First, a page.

Then, in action, the lead character, who is not only called the mercenary but is, in fact, a mercenary, runs into a fire fight with an M16 in one hand and an M1911 in the other hand, shooting and hitting bad guys. So richer, thicker prose culminating in 80s movie action scenes and a couple of sex scenes. Did I say “movie”? I mean “direct-to-video.”

Still, it’s quick and readable and still better than the worst of the Executioner books.

The main character is a one-eyed mercenary who favors a black cap. I look at him and can’t help think he might have been the inspiration for G.I. Joe’s Major Bludd. Also, I used to know a guy with an eye patch and favoring slouch caps, and I know the challenges he faced with half of his peripheral vision and all of his depth perception gone. I don’t think I would pattern give a superhuman character a missing eye. Nor would I misspell Hi-Power (although I did once change a pistol from a semi-automatic to a revolver and put eight days in a week, but careful (and by careful, I mean repetitive) copywriting caught it).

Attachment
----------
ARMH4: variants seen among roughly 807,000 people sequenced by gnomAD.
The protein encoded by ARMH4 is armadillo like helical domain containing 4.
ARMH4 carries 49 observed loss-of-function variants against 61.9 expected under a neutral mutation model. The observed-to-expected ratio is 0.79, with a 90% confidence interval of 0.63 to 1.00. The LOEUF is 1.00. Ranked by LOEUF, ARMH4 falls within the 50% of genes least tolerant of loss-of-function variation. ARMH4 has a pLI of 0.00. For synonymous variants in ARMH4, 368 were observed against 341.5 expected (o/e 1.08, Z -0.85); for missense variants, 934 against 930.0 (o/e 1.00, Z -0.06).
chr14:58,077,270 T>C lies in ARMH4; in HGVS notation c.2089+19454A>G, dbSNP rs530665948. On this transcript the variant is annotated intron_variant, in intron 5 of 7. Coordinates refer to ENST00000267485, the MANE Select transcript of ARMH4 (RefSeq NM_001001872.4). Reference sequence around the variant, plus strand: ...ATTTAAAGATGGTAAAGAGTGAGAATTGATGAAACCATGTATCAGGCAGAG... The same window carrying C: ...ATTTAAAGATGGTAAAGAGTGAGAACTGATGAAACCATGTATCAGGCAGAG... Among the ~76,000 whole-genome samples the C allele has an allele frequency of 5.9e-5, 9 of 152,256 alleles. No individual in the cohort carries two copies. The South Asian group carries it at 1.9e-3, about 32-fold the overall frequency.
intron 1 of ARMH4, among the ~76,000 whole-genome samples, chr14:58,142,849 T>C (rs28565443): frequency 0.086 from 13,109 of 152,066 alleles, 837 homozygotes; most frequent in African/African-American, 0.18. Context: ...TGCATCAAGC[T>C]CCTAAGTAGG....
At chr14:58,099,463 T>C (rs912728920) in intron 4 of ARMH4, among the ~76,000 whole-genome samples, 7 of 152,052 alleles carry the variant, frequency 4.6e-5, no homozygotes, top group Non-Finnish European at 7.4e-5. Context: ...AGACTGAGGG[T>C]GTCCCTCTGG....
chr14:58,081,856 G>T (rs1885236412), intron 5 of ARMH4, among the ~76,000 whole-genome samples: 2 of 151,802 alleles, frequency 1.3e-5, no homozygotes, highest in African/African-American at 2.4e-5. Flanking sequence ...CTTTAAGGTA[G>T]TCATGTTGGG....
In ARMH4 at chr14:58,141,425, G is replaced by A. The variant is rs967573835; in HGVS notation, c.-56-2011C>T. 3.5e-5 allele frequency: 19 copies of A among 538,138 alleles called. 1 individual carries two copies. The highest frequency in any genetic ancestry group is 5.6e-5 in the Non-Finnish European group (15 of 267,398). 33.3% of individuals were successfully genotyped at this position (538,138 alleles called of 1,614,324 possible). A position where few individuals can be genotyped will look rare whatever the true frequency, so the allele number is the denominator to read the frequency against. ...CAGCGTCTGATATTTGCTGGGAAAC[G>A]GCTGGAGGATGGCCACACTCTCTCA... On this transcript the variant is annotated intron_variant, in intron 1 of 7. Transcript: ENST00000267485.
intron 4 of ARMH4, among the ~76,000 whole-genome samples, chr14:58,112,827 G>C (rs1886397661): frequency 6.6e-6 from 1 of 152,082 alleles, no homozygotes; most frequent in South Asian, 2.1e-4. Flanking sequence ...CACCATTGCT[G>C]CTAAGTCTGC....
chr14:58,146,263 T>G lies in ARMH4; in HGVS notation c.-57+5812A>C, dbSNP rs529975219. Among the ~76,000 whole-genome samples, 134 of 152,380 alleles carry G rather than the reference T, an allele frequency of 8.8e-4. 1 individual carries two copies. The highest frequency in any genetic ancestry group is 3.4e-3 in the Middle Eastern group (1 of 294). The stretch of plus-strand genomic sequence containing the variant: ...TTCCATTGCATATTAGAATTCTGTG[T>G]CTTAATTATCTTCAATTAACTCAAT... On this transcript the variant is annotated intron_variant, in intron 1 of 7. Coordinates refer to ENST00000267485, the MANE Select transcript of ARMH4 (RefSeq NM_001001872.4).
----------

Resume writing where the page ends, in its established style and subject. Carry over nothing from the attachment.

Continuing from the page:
Book Report: I Could Pee On This and Other Poems By Cats by Francesco Marciuliano (2012)

Book coverI, or someone else, must have given this book of poems purrportedly by cats to my beautiful wife. When she was culling her office books, she was looking to get rid of it (so I hope it was a gift from someone else, because I’d like to think she treasures things I give her beyond their actual worth). So I picked it up as something I could easily browse during football games.

Which means it has a lot in common with Henry Beard’s Poetry for Cats (and Advanced French for Exceptional Cats for that matter).

Unlike Beard’s book, this one does not have a lot of allusion to other poems, nor are they riffs on famous poems (or formerly famous poems). Instead, they’re a lot of free verse musings from a feline point of view. And, if you have a cat, you’re probably familiar with the sentiments expressed within as we (cat owners) tend to anthropomorphize our pets in the same ways.

So it was an amusing bit to browse, especially since the Packers are off to a pretty good start this year all things considered. Were they not, I might be a little harsher on this little novelty item.